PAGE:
"Promoting Your Business By Sharing Your Opinions" 
by Pauline Bartel, M.A.

Building and maintaining a strong, appealing brand image that differentiates your company from your competitors takes time and creativity. You must raise the public’s awareness of your enterprise, create a favorable impression in the public’s mind, and then sustain your visibility as your business grows.

Sustaining visibility can be accomplished through a variety of strategies, including sharing your opinions in local newspapers. Writing letters to the editor and opinion essays gives you the opportunity to stand apart from your competition; gain no-cost publicity for your business, product, or service; and put a “face” on your company through your words. Here’s the strategy:

Monitor the News

Read local newspapers regularly, noting especially any news or information that is directly related to your business or industry and to which you can respond.

Look for opportunities to contribute valuable information that may have been omitted from a feature story. For example, during Fire Prevention Month, perhaps the local newspaper runs an article that offers tips for preventing fires in the home but doesn’t mention anything about keeping fire extinguishers handy. The owner of a fire extinguisher company could respond to the omission by drafting a letter to the editor, explaining the benefits of having a fire extinguisher in the kitchen and sharing hints for selecting the most appropriate type.

When published, the letter will bear the writer’s name and the name of the company, offering visibility to the enterprise in a section of the newspaper that eschews traditional advertising. Thus, the company will stand apart from the competition.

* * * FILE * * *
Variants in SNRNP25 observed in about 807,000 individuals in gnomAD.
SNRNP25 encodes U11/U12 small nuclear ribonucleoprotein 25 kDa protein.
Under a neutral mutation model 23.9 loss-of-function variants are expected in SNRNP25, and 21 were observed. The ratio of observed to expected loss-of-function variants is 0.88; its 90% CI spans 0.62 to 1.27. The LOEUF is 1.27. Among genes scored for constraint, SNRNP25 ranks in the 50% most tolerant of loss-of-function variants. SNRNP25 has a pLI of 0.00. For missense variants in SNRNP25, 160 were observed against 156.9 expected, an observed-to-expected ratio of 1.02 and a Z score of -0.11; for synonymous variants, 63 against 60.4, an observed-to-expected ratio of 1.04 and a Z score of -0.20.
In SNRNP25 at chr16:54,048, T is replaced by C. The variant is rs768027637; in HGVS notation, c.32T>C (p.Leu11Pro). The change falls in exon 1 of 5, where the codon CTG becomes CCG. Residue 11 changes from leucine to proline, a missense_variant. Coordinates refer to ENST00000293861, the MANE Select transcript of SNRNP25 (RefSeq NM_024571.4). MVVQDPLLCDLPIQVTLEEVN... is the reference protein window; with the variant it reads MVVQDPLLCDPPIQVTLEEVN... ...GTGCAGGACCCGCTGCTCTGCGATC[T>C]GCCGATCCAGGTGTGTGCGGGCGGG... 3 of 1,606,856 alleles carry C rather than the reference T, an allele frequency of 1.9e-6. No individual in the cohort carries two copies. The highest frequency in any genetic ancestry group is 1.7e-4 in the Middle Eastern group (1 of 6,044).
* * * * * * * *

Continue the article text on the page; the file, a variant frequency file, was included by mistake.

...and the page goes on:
Look for opportunities to set the record straight when inaccuracies creep into news stories. Many local newspapers carried news of Laura Bush’s plans to promote literacy during her time as First Lady. During a White House ceremony launching the campaign and honoring American writers, one of the honored guests misquoted a line from Margaret Mitchell’s novel about the Civil-War. I reacted to the news story in a letter to the editor that congratulated Mrs. Bush on her initiative, corrected the misquote, and cited my authorship of The Complete GONE WITH THE WIND Trivia Book. When published, the letter brought visibility to my book, resulting in no-cost publicity.

Look for opportunities to draw attention to issues related to your industry that are not but that should be discussed in the broader community. A colleague whose company specializes in public relations for technology companies attended a technology summit. This experience prompted her to write an opinion essay in which she challenged the region to address issues of branding, marketing, and growing the needed infrastructure to support those activities in a Tech Valley area.

When published, her essay brought visibility to her company. Her words put a “face” on her company, and her views sparked the beginning of a community conversation about the issues she raised.

Craft Your Statement

When you have an issue to which you can react, consider the overall purpose of your letter to the editor or your opinion essay. Do you wish to inform, argue, or persuade? Once you know your purpose, state your central idea in a complete sentence.

Called a focus statement, this sentence narrows the subject, dictates the evidence you will include and exclude, and states the point of your letter or essay. If your purpose is to inform, your focus statement should summarize the information you plan to explain. If your purpose is to argue or to persuade, your focus statement should state your opinion or your judgment.